The tree had a very peculiar growth pattern.
In its first growth stage, the root grew two branch segments, forming two
treetops. In its second growth stage, one of the
two treetops grew three branch segments. Now there was a total of four treetops.
In its third growth stage, one of the four treetops grew four branch
segments. Now
there was a total of seven treetops. Etcetera.
What is the largest number of branch segments that could have been created
in the Mythical Tree's final growth stage? Remember, a squirrel could get
to any treetop from the root using exactly four branch segments.
ANSWER: 21 trillion 990 billion 232 million 555 thousand 518. This is
exactly the largest possible number of branch segments created in the final
growth stage.
The story of the Mythical Tree got wilder as time went on. In a second
version of the story, the root grew three branch segments instead of just
two. Then a treetop grew four branch segments. Etcetera.
What is the largest number of branch segments that could have been created
in the Mythical Tree's final growth stage? Remember, a squirrel could get
to any treetop from the root using exactly four branch segments.
ANSWER: More than 2^2^95.
For many years, every time the story was told the root was said to have
grown one more branch segment at the
beginning, and just as in the original story, at each growth stage one of
the treetops grew one more branch segment than at the preceding stage. It
was still
required that a squirrel could get to any top of the tree from its root
using exactly four branch segments. And every time the largest number of
possible branch segments created in the final growth stage was at least
exponentially greater than it was previously.
Finally, the story was told with a squirrel getting up to any top of the
tree from the root using exactly five branch segmentss. Yet the root grew
only 2 branch segments as in the original story. Then how many branch
segments could the Mythical Tree have grown in its final growth stage?
ANSWER: Greater than an exponential stack of 2's of height 2^2^95.
********************
Now for the theory. We obtain exact recursion equations for the answer.
**********
NOTE: Randy Dougherty observed that this problem can be embedded in the
Hercules/Hydra game.
**********
We consider finite rooted trees. The valence of a vertex is the number of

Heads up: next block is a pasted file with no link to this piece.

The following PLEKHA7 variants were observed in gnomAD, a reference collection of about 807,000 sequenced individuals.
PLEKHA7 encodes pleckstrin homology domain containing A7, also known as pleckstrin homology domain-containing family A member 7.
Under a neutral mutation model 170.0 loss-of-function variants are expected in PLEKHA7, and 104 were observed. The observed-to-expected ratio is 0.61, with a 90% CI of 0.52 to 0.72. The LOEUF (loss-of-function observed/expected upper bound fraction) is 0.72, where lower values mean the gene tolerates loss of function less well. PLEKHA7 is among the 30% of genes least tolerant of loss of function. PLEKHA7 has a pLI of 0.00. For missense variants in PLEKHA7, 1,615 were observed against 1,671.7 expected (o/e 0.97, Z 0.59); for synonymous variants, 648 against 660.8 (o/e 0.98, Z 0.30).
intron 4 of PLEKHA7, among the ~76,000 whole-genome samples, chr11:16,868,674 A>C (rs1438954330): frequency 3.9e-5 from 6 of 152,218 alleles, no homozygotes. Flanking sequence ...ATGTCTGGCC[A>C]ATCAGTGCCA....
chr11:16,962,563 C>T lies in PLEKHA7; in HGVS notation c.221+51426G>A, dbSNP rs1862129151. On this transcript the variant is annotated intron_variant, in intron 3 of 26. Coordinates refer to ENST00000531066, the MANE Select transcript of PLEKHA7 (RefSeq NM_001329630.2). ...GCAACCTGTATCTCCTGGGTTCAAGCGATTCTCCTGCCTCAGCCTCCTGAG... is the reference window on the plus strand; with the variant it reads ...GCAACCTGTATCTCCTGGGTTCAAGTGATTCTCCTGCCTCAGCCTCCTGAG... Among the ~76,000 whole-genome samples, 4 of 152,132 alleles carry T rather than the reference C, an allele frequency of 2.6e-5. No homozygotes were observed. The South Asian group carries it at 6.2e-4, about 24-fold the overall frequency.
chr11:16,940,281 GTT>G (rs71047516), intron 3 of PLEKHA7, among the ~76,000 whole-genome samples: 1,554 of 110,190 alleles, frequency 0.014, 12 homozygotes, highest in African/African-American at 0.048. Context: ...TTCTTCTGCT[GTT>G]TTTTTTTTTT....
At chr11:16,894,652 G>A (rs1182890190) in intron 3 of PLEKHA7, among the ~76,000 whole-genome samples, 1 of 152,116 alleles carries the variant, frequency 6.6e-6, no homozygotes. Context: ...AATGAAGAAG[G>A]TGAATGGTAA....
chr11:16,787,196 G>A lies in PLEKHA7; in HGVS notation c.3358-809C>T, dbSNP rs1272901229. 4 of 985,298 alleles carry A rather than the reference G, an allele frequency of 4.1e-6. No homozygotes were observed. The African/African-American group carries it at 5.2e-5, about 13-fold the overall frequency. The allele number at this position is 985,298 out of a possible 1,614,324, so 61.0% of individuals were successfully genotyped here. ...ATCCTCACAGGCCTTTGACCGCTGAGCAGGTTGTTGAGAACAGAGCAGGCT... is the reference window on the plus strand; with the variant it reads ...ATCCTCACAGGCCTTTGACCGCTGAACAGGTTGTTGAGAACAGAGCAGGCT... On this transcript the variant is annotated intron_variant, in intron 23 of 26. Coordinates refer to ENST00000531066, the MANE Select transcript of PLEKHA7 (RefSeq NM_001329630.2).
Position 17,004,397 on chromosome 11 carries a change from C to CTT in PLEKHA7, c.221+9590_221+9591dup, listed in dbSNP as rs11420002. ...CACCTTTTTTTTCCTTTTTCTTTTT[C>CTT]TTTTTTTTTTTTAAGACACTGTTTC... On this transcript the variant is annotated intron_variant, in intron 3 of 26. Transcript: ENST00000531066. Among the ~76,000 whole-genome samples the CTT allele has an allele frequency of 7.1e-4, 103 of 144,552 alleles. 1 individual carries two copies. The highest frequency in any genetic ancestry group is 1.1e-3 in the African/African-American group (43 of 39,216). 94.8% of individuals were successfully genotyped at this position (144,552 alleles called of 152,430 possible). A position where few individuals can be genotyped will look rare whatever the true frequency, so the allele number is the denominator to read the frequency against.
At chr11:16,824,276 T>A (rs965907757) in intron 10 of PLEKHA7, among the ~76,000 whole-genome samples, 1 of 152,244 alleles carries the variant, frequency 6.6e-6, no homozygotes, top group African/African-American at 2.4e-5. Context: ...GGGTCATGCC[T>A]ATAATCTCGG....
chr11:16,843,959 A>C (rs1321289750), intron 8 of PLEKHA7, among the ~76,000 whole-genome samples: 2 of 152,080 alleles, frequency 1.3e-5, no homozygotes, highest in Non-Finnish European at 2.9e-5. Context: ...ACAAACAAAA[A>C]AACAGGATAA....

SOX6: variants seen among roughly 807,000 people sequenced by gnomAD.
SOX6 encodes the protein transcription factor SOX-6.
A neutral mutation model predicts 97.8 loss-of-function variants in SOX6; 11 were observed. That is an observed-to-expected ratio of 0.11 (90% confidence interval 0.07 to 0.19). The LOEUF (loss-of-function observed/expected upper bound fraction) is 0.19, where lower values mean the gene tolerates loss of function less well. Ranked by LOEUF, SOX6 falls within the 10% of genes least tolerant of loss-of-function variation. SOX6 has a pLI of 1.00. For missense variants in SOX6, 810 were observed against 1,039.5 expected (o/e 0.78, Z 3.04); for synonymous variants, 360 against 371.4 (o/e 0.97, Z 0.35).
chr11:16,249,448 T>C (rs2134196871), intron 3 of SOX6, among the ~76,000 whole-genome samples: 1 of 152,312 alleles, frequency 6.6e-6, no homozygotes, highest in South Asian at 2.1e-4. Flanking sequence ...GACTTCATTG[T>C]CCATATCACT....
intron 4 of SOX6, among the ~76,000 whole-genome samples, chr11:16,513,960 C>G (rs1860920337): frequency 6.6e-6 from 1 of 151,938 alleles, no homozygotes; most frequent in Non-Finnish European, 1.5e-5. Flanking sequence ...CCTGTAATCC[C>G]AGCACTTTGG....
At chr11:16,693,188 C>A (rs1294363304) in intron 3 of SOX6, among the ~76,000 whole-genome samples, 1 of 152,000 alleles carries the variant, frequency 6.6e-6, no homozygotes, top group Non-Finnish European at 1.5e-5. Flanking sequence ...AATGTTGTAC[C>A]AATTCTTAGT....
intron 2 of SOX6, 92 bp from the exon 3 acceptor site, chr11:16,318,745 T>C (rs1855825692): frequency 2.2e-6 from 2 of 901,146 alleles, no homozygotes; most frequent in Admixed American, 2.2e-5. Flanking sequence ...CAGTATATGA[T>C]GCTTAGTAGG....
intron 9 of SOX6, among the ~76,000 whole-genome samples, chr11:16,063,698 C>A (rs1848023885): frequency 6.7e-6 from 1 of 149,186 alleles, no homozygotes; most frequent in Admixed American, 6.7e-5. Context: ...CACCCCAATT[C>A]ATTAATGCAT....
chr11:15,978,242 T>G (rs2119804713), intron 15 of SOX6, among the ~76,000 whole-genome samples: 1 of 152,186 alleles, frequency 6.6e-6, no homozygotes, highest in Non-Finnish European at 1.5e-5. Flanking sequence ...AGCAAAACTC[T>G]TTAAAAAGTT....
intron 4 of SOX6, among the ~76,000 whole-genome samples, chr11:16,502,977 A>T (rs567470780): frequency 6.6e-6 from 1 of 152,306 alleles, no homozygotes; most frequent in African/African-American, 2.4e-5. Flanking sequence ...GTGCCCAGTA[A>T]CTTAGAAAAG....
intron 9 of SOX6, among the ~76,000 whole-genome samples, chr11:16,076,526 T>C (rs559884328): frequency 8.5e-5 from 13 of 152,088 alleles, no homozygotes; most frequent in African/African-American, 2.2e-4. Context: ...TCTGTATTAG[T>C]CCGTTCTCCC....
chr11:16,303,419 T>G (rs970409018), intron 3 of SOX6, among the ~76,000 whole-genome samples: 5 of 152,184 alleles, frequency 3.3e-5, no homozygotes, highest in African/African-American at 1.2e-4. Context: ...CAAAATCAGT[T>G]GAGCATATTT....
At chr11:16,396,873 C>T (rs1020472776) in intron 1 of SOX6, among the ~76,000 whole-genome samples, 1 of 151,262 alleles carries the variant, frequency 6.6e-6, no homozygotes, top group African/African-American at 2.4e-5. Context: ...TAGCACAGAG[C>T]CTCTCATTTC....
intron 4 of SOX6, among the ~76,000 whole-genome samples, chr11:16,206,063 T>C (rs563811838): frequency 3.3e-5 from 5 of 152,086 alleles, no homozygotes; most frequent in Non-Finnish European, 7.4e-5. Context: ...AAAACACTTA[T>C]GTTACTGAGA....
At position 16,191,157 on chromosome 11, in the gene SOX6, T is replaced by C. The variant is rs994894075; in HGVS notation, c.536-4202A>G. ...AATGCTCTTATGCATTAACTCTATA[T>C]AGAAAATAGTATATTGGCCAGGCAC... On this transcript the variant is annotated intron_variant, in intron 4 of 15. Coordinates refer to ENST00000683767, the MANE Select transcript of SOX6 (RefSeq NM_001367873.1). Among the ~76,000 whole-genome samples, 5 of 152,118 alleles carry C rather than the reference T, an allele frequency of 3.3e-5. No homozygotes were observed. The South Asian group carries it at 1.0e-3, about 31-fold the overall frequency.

its children (immediate successors). The leaves are the vertices of valence
0. The valence of a tree is the largest valence of its vertices.
Let k,n >= 1. We define a k,n-construction to be a certain kind of
sequential construction of a tree. Formally, a k,n-construction is a
sequence of trees, T_1,...,T_r, r >= 1, where
1) T_1 is the tree consisting of a root and n immediate successors;
2) each T_i+1 is obtained from T_i by creating n+i immediate successors of
some leaf of T_i;
3) T_r has height at most k.
We have to consider slightly more general constructions. Let k,n,m >= 1. A
k,n,m-construction is a sequence of trees, T_1,...,T_r, r >= 1, where
1) T_1 is the tree consisting of a root and n children;
2) each T_i+1 is obtained from T_i by creating n+i children of some leaf of
T_i;
3) T_r has height at most k;
4) for all i >= 2, in T_i at most m children of the root have valence > 0.
We refer to 2) as "visiting" that leaf.
We are interested in the largest possible valence of the last term in any
k,n-construction, and more generally, in any k,n,m-construction. Note that
the k,n-constructions are exactly the k,n,n-constructions. In fact, if m >=
n then the k,n-constructions are exactly the k,n,m-constructions.
We define the following function V:Z+^3 into Z+.
V(1,n,m) = n. V(k+1,n,1) = V(k,n+1,n+1). V(k+1,n,m+1) =
V(k,V(k+1,n,m)+1,V(k+1,n,m)+1).
An optimal k,n,m-construction is a k,n,m-construction of the greatest
possible valence. This is the same as requiring that it be of the longest